I was interested to read this article the other day about using web analytics. While pretty inconclusive (it’s a PR piece after all), it got me thinking. Are web analytics useful in UX design?
I often complain that infoviz for web stats is poor if you’re not an analyst by trade. Now that I’m working for one of the most popular websites in the world, I should at least come up with a device that could be used to answer the fundamental questions we have when looking at real-time […]
This is a condensed version of my talk for the Bulgaria Web Summit, 31st May 2014. I spoke without real notes so the following is simply the main points. Introduction How should a UX team respond to the results of randomised control trials of their designs? Such “A/B” and “multivariate” tests hold out the possibility of […]
Gosh, WordPress 3.9 sure broke a lot of things on my blog so I’ve had to replace the theme and disable a few plugins. This is test post.
(This post implements my new year’s resolution of sub-titling my sections so as to make me look like I know what I’m talking about.) At MailOnline, we have no development process. Well, that’s not entirely true, we use Programmer Anarchy. The developers decide for themselves which “table” they want to work on, and can then […]
The story – now passed into minor Internet legend – of Marissa Mayer’s testing of 41 shades of blue in 2009 (and the resignation of Google’s Visual Design Lead, partially because of this) has been referred to again this week. The Guardian reports that Google UK’s managing director Dan Cobley says that the winning shade […]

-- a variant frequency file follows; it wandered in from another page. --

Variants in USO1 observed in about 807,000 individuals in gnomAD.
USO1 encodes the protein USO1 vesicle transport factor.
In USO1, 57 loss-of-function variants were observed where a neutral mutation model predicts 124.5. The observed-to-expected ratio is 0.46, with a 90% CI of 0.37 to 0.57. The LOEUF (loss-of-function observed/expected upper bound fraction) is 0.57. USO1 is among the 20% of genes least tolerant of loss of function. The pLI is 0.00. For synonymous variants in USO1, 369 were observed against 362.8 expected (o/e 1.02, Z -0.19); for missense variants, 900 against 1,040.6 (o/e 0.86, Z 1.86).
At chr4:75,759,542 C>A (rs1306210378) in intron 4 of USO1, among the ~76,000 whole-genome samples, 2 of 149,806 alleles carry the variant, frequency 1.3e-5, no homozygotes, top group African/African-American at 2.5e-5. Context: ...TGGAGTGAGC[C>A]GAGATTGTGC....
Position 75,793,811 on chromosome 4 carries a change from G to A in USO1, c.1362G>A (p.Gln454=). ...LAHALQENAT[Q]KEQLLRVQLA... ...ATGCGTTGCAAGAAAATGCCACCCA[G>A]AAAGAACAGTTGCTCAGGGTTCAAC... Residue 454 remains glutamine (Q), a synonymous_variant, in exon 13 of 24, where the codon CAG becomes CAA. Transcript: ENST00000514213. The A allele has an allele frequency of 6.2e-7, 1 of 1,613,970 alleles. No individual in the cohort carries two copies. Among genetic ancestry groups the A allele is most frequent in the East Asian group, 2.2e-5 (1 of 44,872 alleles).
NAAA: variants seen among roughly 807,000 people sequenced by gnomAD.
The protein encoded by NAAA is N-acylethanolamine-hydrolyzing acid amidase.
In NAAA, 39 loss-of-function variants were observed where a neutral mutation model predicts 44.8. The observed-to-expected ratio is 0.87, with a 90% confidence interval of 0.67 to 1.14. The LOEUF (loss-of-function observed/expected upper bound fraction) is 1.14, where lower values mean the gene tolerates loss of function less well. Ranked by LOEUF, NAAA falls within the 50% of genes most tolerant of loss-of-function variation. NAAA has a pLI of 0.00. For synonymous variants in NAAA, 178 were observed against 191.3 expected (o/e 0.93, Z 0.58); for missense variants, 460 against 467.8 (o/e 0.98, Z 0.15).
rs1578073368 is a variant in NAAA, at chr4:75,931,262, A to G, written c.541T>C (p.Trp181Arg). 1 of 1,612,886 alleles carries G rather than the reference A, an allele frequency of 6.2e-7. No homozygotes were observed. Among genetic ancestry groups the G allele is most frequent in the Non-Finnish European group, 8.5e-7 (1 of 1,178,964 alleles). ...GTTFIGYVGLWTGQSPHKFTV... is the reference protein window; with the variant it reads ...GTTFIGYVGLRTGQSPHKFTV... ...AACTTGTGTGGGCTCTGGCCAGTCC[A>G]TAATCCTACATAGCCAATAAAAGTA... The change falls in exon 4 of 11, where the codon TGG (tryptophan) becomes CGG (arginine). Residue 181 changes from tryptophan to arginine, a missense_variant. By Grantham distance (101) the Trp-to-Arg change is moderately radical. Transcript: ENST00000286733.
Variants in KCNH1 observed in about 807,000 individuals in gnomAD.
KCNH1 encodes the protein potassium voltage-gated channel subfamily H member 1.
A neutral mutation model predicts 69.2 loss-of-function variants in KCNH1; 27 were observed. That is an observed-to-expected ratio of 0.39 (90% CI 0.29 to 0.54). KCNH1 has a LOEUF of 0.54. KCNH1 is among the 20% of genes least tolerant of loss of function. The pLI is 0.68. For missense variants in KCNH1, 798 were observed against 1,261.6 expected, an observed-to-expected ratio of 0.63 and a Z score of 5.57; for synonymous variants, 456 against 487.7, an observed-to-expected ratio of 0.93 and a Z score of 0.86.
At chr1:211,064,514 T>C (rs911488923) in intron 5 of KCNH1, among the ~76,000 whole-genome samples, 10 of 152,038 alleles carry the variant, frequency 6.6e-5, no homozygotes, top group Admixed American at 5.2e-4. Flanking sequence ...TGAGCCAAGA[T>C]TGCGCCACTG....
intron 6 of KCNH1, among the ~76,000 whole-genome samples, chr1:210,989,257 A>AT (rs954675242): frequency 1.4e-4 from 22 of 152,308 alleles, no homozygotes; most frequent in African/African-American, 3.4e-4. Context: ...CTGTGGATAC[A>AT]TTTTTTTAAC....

Sometimes, what seems the obvious way of dealing with a problem may not be the best solution. For example, it turns out that if you remove traffic controls from busy city centres and rely on peoples’ instinct for self-preservation, you may get better road safety than if you imposed traditional control interventions (see also “shared […]
Harry Brignull’s “Dark Pattern Library” pops up from time to time on various news feeds (today on Business Insider, for their mutual SEO benefit). We hired Harry when I was at Hotels.com to do some customer research work in 2009. I recall we got along OK. The fact that he later included us in his […]
The question of “fat finger” mistakes on touch screens came up in conversation the other day, together with the idea of making targets large to avoid this. At first, it seems sensible to make hit areas for controls on mobile devices as large as possible. But it was pointed out that, counter-intuitively, smaller hit areas […]
When multiple designers work on multiple assets or across multiple projects, it gets very difficult to manage files over time. Which files are the latest versions? Which files are even relevant any more? Which files contain things that may be affected by the contents of other files? Yet with a few short-term exceptions, I have yet […]